Board shuts door on Donnell Library landmarking

Fans of Midtown’s Donnell Library, still feeling the loss of one of the most popular branches of the New York Public Library more than a year after it closed, are continuing to explore possible ways to preserve to the W. 53rd St. location despite the site’s sale to a hotel developer.

Donnell advocates and members of Community Board 5 took up the issue at a meeting of the board’s Landmarks Committee on Tues., Dec. 1, discussing how to at least save the structure in lieu of actually resurrecting its services.

Despite the admonition of committee chairperson Howard Mendes that the conversation focus on the merits of the Donnell building as a candidate for landmark designation, emotions about the library’s place in the community and its abrupt demise ran high. The committee was evenly split between pragmatists and sentimentalists, between the largely older members who had personal memories of the library and the mostly younger ones who did not.

“We were robbed,” said RitaSue Siegel, who has helped spearhead a campaign to restore at least some of the library’s functions, in characterizing the NYPL’s decision to close Donnell in November 2007. The move also forced the branch to severely trim each of its unique collections in order to place some in storage and relocate others to various temporary, smaller locations around the city. In accordance with the NYPL’s new policy to raise money by selling high-value properties, Donnell was sold for $59 million to Orient-Express Hotels, which plans to build an 11-story hotel on the site.

At the meeting, the realists who recognized the impossibility of restoring the library or believed the building’s architectural value didn’t merit preservation won the day with the aid of a member of the opposition.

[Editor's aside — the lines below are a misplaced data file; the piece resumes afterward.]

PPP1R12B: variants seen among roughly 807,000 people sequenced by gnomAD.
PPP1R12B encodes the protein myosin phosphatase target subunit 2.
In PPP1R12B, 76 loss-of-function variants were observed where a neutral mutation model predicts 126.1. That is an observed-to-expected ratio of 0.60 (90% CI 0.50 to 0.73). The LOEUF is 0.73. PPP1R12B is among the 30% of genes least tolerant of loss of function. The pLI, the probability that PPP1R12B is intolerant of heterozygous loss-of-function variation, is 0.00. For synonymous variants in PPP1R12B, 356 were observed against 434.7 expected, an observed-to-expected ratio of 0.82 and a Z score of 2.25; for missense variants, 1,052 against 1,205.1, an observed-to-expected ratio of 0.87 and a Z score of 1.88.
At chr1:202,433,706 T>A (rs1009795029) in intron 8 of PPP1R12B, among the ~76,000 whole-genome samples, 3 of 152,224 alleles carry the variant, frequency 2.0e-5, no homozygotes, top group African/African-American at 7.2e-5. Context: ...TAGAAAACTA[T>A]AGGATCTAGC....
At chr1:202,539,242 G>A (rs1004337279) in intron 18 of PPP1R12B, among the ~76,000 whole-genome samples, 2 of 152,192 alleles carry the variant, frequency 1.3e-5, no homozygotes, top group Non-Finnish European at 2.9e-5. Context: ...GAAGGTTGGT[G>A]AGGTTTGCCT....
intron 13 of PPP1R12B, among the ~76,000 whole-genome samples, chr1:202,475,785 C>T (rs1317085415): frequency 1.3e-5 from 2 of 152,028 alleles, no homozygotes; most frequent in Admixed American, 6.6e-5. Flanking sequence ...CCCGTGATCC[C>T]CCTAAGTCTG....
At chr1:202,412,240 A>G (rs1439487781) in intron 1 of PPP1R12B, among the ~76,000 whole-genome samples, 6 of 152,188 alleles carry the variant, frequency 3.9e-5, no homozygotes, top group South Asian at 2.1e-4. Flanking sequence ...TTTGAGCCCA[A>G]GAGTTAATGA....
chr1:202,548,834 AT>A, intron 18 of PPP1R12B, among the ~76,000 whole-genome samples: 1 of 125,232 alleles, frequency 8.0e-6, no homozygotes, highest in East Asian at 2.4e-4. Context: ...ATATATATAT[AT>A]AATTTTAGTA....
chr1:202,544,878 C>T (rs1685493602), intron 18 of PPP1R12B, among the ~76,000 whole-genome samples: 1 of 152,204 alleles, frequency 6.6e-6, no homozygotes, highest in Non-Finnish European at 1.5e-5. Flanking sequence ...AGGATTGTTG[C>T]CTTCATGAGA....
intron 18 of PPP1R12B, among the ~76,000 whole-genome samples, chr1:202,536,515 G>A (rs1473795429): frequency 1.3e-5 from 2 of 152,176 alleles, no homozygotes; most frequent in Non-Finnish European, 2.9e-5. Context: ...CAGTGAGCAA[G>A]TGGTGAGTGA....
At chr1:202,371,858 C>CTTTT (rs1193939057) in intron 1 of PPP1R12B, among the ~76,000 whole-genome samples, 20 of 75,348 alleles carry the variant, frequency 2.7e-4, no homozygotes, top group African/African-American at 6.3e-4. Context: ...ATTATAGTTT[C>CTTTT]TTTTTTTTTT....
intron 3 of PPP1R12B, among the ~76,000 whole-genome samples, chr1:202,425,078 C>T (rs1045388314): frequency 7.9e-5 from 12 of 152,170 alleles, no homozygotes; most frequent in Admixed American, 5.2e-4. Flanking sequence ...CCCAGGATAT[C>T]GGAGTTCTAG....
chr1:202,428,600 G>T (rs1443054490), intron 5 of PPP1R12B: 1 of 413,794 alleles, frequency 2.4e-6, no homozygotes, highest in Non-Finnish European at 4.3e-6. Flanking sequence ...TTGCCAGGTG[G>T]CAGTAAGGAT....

Joyce Matz, a committee member and advocate for the library, cast the deciding vote against recommending the mid-20th-century, modernist building for landmark designation. Matz wanted a public hearing to give people an opportunity to voice their opinions about the closing of the library and the desirability of saving the building. It’s not a good idea, she said, to recommend designation now without a public hearing. “The Landmarks Commission will ignore us,” she stated. The committee’s vote effectively killed any further attempt to revive the library through landmarking.

“We have to be very careful about using the landmark process to stop development,” warned committee vice chairperson Ed Klimerman, who led the anti-landmarking push. “I could not in good faith even remotely consider this as a landmark. This whole thing has nothing to do with the building itself.” Klimerman said he thinks that when a building is landmarked for a reason other than its architectural significance, the process becomes “diluted—a terrible precedent that should never happen.”

Others seemed to agree. “I really think we’re all shooting ourselves in the foot by moving to designation when what we want is a library,” said board member Meile Rockefeller. Landmark status has no bearing on the structure’s future use, she said, so “we’re left with a hideous building,” and no library.

Committee member Curtice Taylor defended the “quirky mid-century building” as “a rather marvelous one” in part because of its low height that opens to the sky. Klimerman said that even if the building were to be preserved, “they would build a tower on top of it.”

Mendes had prepared a resolution outlining the historical, cultural and architectural significance of the building in support of a bid for landmark designation. Built in 1955, the Donnell was one of the NYPL’s most heavily used branches. Its World Languages Collection became indispensable for immigrants, and teenagers enjoyed many programs tailored for their tastes in the vast Teen Central section. The auditorium was used for concerts and other events.

The most eloquent defense of Donnell came from James Stuart, a member of the audience. “I believe it’s time to come to our senses and stay the hand that would eventually extinguish the cultural integrity of our unique city,” he said. “In the name of revenue, tourism and outright speculation, rapacious developers have been given a free hand to corrode the cultural and physical landscape of our city. A Disneyfication, a mall mentality is taking place when a major branch of the New York Public Library can be shut down in order to build yet another luxury hotel. It will not be long before this once-cultural bastion will become morally and aesthetically bankrupt, and will take on the complexion of any number of mediocre places that could never boast New York’s greatness.”

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